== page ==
Q&A: More help for dog-friendly gardens

Peaceful co-existence for plants and pets

Q: Can you recommend a good book on dog-friendly gardening?

A: For a practical and thorough overview, check out Dog Friendly Gardens, Garden Friendly Dogs (Dogwise Publishing, 2004; $20; www.dogwisepublishing.com or 800/776-2665), by Cheryl S. Smith.

Q: What are foxtails, and why are they dangerous to dogs?

A: Foxtails are weed grasses commonly found growing wild in open spaces and in unkept gardens. The danger comes from their barbed awns or tips, which can work their way under the skin between a dog's paws and toes and cause infection. Even worse, the awns can migrate down the ear canal, causing severe pain and potential hearing loss, or can be inhaled into the nasal cavity and migrate to the lungs. At left is a close-up of a foxtail to help you identify it so you can keep it out of your garden.

Q: How can I keep my dog from digging in the garden?

A: Filling a hole with a dog's own feces will keep it from digging in that spot again, says veterinarian Darla Jochum of Jacksonville, Oregon. But it won't keep your pet from digging elsewhere.

Jochum suggests setting aside a place where this activity is allowed, such as a sandpit or sandbox. If you happen to own a Jack Russell or other terrier, this is especially advisable. They were bred to hunt burrowing animals. So trying to get them to stop digging altogether is not realistic, says Jochum.

Position the sandpit in a shaded area, away from sprinklers. Bury a few dog biscuits and toys when your pet is not around. Then bring your dog to the pit, do a little digging yourself to demonstrate, and encourage your pet to join you. Lots of praise and occasionally restocking the treats will keep your dog interested.

Q: Can you recommend a few sturdy plants that stand up to dogs?

A: Bud Stuckey, Sunset's test garden coordinator, has had good luck with the following plants in his own landscape: African boxwood, artemisia, canna, ginger, lilac, New Zealand flax, ornamental grasses, osmanthus, pines, strawberry tree, and Western sword fern.

Readers recommend: agapanthus, asters, butterfly bush, campanula, cistus, columbine, heuchera, honeysuckle, lavatera, liriope, mock orange (Philadelphus), pieris, spiraea, thrift, and violas.

Q: I've been told to avoid plants that attract bees. Does that mean I have to give up my favorite plant, lavender?

A: That depends on your dog. If you have a dog that likes to snap at and eat flying insects, planting lavender, rosemary, or other bee-magnets is not a good idea, says veterinarian Steven Randle of Pacifica Pet Hospital in Pacifica, California. Insect bites are almost inevitable, and while most dogs will develop nothing more than a swollen muzzle, others can experience anaphylaxis, a life-threatening allergic reaction.

On the other hand, many readers wrote telling us how much their dogs enjoyed rubbing up against these plants. So obviously some dogs coexist with stinging insects without problems.

A possible compromise is to enjoy the aromatic foliage of lavender but shear off the bee-attracting flowers.

Q: Are there emergency first-aid items I should have on hand for my dog?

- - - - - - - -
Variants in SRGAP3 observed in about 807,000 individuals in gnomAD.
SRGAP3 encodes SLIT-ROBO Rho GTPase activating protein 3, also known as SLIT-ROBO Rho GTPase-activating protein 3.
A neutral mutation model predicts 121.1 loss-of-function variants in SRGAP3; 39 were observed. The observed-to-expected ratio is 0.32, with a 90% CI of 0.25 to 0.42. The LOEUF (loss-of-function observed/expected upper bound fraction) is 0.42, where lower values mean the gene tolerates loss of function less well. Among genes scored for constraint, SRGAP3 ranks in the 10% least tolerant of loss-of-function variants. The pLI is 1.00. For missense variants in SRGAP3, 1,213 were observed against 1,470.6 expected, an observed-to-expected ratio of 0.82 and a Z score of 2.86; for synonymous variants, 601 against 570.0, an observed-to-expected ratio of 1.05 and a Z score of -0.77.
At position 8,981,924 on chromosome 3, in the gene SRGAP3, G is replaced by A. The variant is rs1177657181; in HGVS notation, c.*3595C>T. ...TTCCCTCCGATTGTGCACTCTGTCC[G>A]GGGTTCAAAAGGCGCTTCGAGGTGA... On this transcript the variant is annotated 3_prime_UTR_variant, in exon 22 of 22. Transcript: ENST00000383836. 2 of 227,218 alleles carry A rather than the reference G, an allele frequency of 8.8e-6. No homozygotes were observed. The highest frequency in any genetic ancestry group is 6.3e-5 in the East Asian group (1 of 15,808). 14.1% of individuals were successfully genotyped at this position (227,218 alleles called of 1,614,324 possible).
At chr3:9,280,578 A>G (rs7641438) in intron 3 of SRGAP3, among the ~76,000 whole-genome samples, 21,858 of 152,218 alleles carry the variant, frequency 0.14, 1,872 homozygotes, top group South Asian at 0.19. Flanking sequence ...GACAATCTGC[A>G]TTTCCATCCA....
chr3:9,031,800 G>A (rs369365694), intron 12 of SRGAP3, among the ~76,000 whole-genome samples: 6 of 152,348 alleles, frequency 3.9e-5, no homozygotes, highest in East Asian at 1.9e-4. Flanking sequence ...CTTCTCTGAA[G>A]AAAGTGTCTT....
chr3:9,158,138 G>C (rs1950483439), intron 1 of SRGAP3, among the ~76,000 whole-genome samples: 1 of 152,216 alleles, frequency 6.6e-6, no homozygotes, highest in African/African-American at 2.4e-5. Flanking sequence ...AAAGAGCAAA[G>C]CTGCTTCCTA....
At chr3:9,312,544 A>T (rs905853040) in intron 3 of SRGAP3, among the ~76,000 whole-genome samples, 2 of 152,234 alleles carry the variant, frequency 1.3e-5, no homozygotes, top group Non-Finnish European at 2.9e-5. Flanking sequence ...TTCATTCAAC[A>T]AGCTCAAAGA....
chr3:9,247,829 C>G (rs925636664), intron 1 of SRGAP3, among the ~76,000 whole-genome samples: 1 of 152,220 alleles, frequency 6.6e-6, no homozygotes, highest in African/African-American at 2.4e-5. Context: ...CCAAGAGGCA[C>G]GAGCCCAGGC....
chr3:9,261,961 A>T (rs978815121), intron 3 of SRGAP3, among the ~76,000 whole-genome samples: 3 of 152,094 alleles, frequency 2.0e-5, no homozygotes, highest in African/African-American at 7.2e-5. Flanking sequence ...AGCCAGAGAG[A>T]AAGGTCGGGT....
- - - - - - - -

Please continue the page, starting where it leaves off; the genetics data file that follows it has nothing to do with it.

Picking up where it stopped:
A: Randle advises dog owners to keep a list of phone numbers for several backup veterinarians as well as the number for an emergency veterinary clinic. Having some Benadryl (Diphenhydramine HCl) around in case of a beesting is also a good precaution (buy it in pill form, and contact your veterinarian for the correct dosage for your dog's weight). You'll still want to take your pet to a veterinarian quickly if the sting is severe, advises Randle, but Benadryl can buy you time.

Q: Products are available that change the pH of dog urine to prevent it from burning lawns. Do they really work, and do they have any side effects?

A: "From the reports I get, these products are not very effective," says Randle. "They are probably safe for most dogs, but I would avoid them completely if your dog has ever had a urinary-tract problem or if you have a breed that is predisposed to urinary stones, like the Dalmatian."

Instead, try watering the spot where the dog urinated to dilute the nitrogen, says Stuckey. This helps reduce the amount of yellowing. Letting your lawn grow 3 to 4 inches tall, as Stuckey does, also hides a few imperfections.

Q: Is it safe to use chemical fertilizers, herbicides, and pesticides if you have dogs?

A: "There is no scientific evidence that chemical fertilizers/pesticides induce any form of cancer in dogs," says Randle. "However, veterinary oncology is a relatively new science, and we don't know the cause of the majority of cancers in animals. So if you don't feel safe using chemicals around your family, don't use them around your pets. I do see many more animals suffering from diseases caused by insects than I do from insecticides."

It is a wise precaution, however, to keep your dog off a recently sprayed lawn until the grass has thoroughly dried, usually 24 hours.

Q: Dogs seem to enjoy looking out through "windows" in fences or gates, but some people say that solid fences keep dogs from barking. Is that true?

A: "Due to the acute sense of smell and hearing in our canine companions, it makes little difference whether a fence or gate is solid or transparent," says Randle. "Dogs will still bark at what's on the other side of the barrier."

You should ensure, however, that slats or other separations in the fence are close enough together that your dog won't get its head stuck between them if provoked by another animal or human.

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